Found this article on the “Daily Mail” website:
Teenage boy saves himself from forced marriage by texting Indian authorities to report his family
PUBLISHED: 20:13 GMT, 15 August 2012 | UPDATED: 12:29 GMT, 16 August 2012
Prakash Prajapat, 16, contacted authorities when his parents tried to force him to marry a 13-year-old girl
A teenage boy escaped being forced into an arranged marriage in India by reporting his own family to the authorities.
Prakash Prajapat, 16, from Jodhpur, in western Indian, was due to marry a thirteen-year-old girl from a neighbouring town who had been chosen by his parents.
Prakash was only told of his impending marriage the week before the planned ceremony and contacted a charity asking for help.
The young couple had never met and Prakash begged his family not to force him into the marriage but they refused to relent.
He then contacted the Sarathi Trust for child marriages, which then sent a police team to put a stop to the illegal ceremony just moments before Prakash was due to say his vows.
Child weddings are still rife in rural India despite the marriage of a girl aged below 18 or a boy aged below 21 being illegal under the Prohibition of Child Marriage Act 2006.
Kriti Bharti, who heads Sarathi Trust, a campaign group against child marriages, said: ‘When I first met Prakash, he cried and pleaded for my help. He was desperate not to marry.
'I met his father in a bid to stop the marriage but he lied and told me his son was an adult. He ordered me to stay out of the family matter.’
The families got apprehensive about Kriti’s involvement and decided to move the ceremony to a different date in a secret location.
But as Prakash was led to marry the young girl he had never met just days later, he texted Kriti his whereabouts from his mobile phone and she organised a team of police officers to stop the proceedings.
Apprehended: Prakash's father pictured being confronted by police officers over the arranged marriage
The family members then attempted to trick the police by presenting a fake groom but they were still arrested.
The parents were taken to court and banned from marrying the young bride and the groom for five years.
Despite this, the following day they attempted to marry the boy and girl again but Prakash again contacted Kriti who arrived at the ceremony with a team of officers.
She added: ‘The police took them to court again and again they were warned and banned from trying to marry the children. But I suspect nothing will stop them.
'These are very illiterate families who only know to follow tradition, no matter how illegal.
‘I can only hope Prakash continues to message me if they try again. I keep in touch with him every day to be sure he’s okay.’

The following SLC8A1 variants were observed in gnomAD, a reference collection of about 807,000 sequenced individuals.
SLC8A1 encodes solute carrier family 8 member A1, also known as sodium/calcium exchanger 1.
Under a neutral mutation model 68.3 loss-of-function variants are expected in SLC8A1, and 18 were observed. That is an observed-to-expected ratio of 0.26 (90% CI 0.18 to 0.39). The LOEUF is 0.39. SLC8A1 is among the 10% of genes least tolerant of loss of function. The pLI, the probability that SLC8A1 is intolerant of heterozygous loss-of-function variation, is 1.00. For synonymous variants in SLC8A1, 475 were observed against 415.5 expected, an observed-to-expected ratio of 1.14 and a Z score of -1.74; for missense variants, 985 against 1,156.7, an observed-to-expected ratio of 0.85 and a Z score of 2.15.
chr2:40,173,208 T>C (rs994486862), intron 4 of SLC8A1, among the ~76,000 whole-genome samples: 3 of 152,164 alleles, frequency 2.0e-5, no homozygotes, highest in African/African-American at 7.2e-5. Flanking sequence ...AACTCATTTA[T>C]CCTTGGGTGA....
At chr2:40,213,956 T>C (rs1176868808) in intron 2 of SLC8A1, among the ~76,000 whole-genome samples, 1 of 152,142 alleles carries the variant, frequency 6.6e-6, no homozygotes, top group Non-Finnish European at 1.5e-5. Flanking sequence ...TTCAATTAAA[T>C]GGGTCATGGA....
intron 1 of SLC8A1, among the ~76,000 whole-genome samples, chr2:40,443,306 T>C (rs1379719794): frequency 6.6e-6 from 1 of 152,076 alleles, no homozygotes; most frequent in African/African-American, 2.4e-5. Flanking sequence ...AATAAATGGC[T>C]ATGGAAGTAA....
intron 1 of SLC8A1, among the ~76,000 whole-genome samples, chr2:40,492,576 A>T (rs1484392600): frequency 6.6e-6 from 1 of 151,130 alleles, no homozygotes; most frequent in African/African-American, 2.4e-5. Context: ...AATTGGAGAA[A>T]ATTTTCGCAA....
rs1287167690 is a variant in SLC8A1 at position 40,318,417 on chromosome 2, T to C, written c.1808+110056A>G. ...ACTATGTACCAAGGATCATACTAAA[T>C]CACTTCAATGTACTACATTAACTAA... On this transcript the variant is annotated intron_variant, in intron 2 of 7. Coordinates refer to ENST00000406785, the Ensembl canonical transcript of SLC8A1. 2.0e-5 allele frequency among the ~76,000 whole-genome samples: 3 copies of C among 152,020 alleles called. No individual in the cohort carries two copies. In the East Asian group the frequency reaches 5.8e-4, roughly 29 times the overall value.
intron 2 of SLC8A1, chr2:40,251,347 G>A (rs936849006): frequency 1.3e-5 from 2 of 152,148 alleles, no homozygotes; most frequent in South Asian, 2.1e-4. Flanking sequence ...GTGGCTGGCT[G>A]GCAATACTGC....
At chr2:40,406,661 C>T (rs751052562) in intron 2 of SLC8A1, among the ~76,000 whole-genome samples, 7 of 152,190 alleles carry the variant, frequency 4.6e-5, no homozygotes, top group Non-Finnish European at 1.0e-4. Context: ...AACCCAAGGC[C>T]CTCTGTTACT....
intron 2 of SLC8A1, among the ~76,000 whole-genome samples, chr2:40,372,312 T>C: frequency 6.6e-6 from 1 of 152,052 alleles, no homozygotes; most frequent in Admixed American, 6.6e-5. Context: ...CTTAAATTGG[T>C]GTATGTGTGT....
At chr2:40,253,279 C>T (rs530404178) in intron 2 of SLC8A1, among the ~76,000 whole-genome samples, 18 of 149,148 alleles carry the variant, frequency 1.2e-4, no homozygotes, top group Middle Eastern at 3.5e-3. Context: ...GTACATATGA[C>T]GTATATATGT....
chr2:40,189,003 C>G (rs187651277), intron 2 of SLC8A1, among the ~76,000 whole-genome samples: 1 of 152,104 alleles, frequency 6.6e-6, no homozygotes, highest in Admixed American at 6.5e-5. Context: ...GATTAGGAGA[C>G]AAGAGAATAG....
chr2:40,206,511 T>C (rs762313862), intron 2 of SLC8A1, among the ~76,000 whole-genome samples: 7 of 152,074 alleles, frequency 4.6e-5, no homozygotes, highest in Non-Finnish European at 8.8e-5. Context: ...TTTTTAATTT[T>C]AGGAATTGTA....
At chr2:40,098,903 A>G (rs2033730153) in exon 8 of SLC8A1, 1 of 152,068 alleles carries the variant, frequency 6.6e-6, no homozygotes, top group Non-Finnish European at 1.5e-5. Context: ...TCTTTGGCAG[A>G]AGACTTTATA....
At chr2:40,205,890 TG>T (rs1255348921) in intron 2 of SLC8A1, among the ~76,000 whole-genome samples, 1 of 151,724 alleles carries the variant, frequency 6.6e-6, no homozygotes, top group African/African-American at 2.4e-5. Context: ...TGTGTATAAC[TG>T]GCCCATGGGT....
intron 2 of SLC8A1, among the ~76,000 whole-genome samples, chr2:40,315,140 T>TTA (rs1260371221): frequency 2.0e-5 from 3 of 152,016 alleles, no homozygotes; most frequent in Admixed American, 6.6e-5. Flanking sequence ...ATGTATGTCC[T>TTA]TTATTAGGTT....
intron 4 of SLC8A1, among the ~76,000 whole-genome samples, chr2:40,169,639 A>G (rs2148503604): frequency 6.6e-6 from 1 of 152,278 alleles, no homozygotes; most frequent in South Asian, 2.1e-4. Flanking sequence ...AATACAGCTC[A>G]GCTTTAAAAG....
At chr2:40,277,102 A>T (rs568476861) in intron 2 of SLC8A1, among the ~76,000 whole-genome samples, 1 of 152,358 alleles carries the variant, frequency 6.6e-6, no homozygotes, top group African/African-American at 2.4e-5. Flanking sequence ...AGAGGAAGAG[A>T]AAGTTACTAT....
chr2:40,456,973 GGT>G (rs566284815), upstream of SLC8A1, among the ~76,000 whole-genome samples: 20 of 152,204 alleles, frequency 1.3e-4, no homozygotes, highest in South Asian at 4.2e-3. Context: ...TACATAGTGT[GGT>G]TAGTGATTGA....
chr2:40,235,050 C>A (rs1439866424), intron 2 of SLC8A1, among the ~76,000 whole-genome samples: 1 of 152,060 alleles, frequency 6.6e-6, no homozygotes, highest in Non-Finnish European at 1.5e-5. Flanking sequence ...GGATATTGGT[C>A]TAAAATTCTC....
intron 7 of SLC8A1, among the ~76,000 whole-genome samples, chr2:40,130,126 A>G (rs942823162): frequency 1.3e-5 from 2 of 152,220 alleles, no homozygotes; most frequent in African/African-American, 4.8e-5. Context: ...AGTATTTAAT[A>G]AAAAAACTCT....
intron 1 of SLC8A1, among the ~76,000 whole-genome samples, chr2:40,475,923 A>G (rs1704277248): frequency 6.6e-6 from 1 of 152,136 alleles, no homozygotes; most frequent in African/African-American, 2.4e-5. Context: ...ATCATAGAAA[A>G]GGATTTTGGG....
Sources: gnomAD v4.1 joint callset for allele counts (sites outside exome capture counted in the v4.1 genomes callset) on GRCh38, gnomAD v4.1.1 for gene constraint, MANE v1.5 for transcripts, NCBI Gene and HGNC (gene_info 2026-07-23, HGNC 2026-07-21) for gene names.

According to UNICEF Child marriage negatively affects a child’s development, education, health and future.
Children in India who marry young are more likely to drop out of school, have a low paid job, and limited decision-making power at home.
Child marriage is widespread all over India, affecting all social groups, but it’s more common in rural areas and among excluded communities, castes and tribes.
Read more: http://www.dailymail.co.uk/news/article-2188881/Teenage-boy-saves-forced-marriage-texting-Indian-authorities-report-family.html#ixzz23yHm4YBh
Found this article on the “Daily Mail” website:
Think you've got a bad job?
Indian 'sewer diver' paid just £3.50 a day (plus a bottle of booze) to unclog Delhi's drains
PUBLISHED: 23:52 GMT, 18 August 2012 | UPDATED: 23:52 GMT, 18 August 2012
If you think your job is the pits then spare a thought for Devi Lal.
The 'sewer diver' from Delhi, India, is paid a measly £3.50 a day to wallow in filth unclogging the city's drains.
Devi, 43, is provided with a bottle of bootleg booze to dull his senses before he begins his odious chore.
Dirty job: Devi Lal, a sewer diver from Delhi is paid a measly £3.50 a day to unclog the city's filthy drains
Scandalously the city does not bother to provide protective clothing so Devi and his colleagues are forced to spend hours a day in the filthy water in just their underwear.
According to Harnam Singh, the chairman of the Delhi Safai Karamchari Commision, (Delhi cleaners commission) almost 70 per cent of the manual scavengers die on the job.
An estimated 61 sewer divers have died in last six months alone.
Scandalously City bosses do not provide protective clothing and Devi, 43, works in just a pair of pants
Wallowing in filth: Devi Lal, 43, works to unclog blocked drains in Delhi, India